Sonata fo violin and piano No.2 in A major Op.100

Composer: Johannes Brahms (b. 1833 - d. 1897)
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Composer: Johannes Brahms (b. 1833 - d. 1897)

Performance date: 04/07/2018

Venue: Bantry Library

Composition Year: 1886

Duration: 00:18:47

Recording Engineer: Ciaran Cullen, RTÉ

Instrumentation: vn, pf

Instrumentation Category:Duo

Artists: Cédric Tiberghien - [piano]
Alina Ibragimova - [violin]

Johannes Brahms [1833-1897]

Sonata for violin and piano No.2 in A major Op.100 [1886]

1. Allegro amabile

2. Andante tranquillo – Vivace

3. Allegretto grazioso (quasi andante)

In the 1880s Brahms chose a charming villa on Lake Thun for his annual holidays. During these sojourns he wrote a number of important works, often revealing a leisurely richness well-suited to a great composer on his Summer vacation. However there is nothing trivial about many of these compositions, in particular this Violin Sonata, from 1886. It was written 17 years after his first essay in the form and exhibits all the mature grandeur of the composer at his romantic best. Indeed, some would regard it as one of his most melodious works, with a friend of the composer calling the whole Sonata one caress. It has gained a number of nicknames: best known is The Prize Song, because the first three notes of the opening melody are the same as the Prize Song in Wagner’s Die Meistersinger.

The piano opens with The Prize Song motto, the violin at first just adding lazy comments but gradually becoming more involved and then providing a complete version.  The second subject also has echoes of one of the songs Brahms wrote at this time, Immer leise. The hallmark of the movement is its amabile (loveable) marking. This music breathes contentment and charm. There are clever features, such as the use of five-bar phrasing, with an instrument adding a sixth bar to the other’s original five like an echo,  and the impressive ending or coda, which  drew a comparison with cloud-capped towers from the great musicologist, Sir Donald Tovey.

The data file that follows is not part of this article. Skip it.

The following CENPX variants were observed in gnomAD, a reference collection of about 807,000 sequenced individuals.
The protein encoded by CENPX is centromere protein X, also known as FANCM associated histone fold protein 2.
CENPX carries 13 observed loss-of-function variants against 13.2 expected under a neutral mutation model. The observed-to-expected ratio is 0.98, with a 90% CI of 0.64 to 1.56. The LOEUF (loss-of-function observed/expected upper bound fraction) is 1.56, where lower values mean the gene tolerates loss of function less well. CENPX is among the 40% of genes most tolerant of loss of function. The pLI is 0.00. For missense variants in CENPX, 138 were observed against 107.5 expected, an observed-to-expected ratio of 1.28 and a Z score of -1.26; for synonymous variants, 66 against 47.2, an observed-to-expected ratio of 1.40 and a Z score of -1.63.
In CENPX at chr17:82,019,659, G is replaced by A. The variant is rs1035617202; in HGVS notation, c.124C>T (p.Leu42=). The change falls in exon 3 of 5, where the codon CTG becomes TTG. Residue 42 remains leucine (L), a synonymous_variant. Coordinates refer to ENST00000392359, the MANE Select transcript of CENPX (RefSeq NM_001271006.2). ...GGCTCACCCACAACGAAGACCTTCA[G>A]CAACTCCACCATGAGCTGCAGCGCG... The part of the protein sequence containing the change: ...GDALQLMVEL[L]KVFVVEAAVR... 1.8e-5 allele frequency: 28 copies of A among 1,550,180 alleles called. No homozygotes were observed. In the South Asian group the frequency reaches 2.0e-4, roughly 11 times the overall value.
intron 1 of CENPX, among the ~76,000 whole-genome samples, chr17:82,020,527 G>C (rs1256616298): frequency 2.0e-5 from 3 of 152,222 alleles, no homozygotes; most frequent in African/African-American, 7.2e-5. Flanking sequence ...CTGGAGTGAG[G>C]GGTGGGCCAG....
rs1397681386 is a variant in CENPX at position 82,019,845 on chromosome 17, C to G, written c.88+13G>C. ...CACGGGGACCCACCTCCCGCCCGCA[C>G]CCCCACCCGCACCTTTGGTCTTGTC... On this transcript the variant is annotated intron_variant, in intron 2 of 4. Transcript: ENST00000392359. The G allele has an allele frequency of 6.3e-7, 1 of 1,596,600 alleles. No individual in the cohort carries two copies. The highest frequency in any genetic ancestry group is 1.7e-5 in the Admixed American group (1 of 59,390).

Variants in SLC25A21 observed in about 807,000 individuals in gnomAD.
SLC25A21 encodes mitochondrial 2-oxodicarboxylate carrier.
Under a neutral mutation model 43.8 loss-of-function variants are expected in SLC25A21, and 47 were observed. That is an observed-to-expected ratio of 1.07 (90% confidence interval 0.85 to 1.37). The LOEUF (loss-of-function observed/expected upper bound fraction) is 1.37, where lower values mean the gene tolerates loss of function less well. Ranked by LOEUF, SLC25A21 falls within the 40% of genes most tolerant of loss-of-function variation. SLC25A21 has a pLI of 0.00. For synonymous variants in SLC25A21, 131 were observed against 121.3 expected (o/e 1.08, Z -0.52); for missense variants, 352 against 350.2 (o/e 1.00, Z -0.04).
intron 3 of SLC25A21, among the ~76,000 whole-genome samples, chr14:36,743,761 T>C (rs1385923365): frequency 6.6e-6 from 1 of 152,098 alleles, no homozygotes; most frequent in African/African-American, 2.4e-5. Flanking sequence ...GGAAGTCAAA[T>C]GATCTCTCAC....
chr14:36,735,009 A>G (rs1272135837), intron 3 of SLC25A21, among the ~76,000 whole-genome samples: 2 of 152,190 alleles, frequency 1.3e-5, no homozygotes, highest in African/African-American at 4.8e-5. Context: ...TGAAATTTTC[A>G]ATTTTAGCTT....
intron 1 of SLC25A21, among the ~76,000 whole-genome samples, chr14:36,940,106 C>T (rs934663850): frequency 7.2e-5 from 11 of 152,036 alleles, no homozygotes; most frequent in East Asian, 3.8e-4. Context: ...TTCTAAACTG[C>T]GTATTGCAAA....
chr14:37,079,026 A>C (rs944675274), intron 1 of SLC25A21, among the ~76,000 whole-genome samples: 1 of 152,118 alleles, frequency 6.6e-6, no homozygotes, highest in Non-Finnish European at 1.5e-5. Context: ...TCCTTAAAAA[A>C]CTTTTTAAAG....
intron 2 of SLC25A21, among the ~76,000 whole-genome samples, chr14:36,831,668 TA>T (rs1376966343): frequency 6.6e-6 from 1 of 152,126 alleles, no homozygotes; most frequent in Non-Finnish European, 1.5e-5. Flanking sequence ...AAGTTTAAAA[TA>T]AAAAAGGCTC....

The second movement is unusual but not unknown in Brahms: alternating a slow melody with bursts of material more suited to a jaunty Scherzo. This faster section appears twice, using similar notes in each case but delivered at a far more rapid pace the second time around, with lively pizzicato phrases. The finale is a thoughtful rondo, returning to the amabile mood of the opening movement. The rondo theme is darkly coloured with graceful, arching phrases. The episodes between the return of the rondo theme are in a similar vein and the usual lively contrast, typical of a rondo finale, are not to be heard in this ruminative and warmly melodic movement. There is a weighty A minor theme in the central episode and Brahms must have been specially fond of it, as he reprises it in the contented coda that concludes this delectable Sonata.

Ian Fox